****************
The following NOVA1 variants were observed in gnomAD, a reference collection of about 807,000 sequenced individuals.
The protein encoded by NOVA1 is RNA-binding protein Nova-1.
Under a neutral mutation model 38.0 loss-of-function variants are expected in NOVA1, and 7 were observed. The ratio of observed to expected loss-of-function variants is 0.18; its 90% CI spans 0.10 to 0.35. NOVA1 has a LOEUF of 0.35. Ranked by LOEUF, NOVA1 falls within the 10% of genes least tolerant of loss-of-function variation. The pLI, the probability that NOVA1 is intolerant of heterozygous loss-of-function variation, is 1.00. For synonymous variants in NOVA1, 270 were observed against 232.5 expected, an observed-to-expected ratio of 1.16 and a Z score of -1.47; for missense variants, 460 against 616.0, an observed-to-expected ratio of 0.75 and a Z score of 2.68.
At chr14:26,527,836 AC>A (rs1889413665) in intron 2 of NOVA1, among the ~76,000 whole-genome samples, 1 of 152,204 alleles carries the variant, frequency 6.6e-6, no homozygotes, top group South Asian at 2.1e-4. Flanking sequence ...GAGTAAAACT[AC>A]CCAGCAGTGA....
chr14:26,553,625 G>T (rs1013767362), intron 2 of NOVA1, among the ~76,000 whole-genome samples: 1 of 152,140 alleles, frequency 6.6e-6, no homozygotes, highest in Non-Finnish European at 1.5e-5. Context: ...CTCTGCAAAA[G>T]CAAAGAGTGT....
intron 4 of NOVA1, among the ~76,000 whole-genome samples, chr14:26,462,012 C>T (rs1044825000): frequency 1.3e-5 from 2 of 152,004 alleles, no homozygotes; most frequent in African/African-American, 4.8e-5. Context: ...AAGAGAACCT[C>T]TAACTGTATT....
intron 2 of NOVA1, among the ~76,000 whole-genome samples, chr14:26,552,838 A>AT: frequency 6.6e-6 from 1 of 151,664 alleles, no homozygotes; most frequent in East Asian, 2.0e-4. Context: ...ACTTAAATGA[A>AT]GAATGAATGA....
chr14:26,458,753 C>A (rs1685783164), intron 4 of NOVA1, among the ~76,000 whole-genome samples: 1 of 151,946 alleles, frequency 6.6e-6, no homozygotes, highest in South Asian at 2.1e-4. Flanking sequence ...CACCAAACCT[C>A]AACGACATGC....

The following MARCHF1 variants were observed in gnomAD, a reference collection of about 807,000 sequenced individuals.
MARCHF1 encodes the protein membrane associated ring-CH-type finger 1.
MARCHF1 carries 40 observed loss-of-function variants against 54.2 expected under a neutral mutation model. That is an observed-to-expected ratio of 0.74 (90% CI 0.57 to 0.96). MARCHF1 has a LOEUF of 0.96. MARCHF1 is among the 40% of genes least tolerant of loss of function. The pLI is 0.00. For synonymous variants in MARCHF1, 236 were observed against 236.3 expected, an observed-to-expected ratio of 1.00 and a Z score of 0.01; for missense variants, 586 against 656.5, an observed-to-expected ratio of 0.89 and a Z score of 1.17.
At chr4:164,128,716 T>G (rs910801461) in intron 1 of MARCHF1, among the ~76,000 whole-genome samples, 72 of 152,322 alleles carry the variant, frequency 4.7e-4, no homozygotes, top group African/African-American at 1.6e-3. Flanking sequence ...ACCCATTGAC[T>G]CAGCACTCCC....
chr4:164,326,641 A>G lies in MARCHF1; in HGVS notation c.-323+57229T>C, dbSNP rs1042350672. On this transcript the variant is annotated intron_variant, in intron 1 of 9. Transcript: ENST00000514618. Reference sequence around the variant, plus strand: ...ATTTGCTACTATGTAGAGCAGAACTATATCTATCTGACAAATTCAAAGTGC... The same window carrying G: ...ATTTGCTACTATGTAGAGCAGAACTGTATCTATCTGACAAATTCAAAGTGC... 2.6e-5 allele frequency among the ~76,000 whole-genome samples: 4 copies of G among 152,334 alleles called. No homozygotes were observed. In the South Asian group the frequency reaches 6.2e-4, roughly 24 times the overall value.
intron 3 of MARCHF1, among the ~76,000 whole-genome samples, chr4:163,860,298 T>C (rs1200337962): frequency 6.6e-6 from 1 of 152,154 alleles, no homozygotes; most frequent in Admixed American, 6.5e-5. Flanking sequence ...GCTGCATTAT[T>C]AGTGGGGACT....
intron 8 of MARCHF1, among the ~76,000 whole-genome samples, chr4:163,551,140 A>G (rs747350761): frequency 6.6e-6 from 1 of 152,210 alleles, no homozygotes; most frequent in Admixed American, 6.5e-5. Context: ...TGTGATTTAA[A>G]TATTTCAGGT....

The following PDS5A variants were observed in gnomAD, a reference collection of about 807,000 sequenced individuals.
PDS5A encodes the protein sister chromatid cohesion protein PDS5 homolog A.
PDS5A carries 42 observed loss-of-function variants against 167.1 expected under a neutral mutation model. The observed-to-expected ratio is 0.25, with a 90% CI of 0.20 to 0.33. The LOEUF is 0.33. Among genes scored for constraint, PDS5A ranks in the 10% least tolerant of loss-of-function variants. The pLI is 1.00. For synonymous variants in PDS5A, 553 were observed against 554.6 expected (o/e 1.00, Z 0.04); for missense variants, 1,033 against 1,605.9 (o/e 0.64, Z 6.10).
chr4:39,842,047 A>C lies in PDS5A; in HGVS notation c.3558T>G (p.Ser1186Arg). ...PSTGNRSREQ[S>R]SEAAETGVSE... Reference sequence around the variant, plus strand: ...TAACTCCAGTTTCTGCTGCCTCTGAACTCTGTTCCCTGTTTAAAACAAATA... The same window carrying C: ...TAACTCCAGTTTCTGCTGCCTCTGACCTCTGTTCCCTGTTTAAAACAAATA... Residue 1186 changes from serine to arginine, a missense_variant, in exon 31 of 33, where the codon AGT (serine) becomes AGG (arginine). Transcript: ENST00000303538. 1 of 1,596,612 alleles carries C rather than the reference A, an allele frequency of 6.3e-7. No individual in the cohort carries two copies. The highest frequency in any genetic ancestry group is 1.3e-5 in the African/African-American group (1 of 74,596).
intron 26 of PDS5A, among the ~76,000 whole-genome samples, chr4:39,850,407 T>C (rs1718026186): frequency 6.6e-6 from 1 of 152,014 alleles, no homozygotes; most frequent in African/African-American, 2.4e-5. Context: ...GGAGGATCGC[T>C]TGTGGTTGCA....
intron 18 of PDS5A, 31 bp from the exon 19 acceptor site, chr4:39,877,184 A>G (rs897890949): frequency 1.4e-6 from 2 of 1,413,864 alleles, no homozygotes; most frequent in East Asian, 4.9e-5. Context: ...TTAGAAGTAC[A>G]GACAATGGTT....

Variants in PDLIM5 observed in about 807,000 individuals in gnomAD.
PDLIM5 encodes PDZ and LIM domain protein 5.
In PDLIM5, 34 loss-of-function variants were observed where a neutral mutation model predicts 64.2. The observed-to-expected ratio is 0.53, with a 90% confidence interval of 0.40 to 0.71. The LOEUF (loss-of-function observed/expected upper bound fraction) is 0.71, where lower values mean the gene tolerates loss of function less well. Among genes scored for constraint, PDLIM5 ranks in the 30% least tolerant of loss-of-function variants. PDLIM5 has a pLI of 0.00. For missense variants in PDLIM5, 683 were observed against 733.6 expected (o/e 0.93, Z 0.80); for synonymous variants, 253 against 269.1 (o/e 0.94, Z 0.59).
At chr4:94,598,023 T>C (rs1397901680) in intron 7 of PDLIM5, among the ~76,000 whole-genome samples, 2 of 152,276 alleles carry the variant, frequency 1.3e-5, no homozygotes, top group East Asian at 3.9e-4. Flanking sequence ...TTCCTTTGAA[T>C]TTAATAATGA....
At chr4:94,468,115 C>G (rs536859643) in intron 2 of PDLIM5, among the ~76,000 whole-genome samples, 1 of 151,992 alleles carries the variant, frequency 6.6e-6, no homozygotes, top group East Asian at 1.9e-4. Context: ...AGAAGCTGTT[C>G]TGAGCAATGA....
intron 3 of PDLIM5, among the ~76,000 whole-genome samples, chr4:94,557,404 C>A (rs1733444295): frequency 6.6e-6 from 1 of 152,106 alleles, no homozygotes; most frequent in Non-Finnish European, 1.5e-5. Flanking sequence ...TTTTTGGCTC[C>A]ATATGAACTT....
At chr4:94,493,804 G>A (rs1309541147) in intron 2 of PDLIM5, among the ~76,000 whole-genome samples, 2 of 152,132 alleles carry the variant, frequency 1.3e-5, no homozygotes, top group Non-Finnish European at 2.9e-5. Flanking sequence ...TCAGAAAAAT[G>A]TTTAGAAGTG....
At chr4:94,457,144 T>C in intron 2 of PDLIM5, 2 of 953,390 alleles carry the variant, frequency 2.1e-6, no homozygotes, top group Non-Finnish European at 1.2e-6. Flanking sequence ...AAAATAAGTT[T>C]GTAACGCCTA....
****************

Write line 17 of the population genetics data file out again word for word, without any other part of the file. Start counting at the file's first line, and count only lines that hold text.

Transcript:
PDS5A encodes the protein sister chromatid cohesion protein PDS5 homolog A.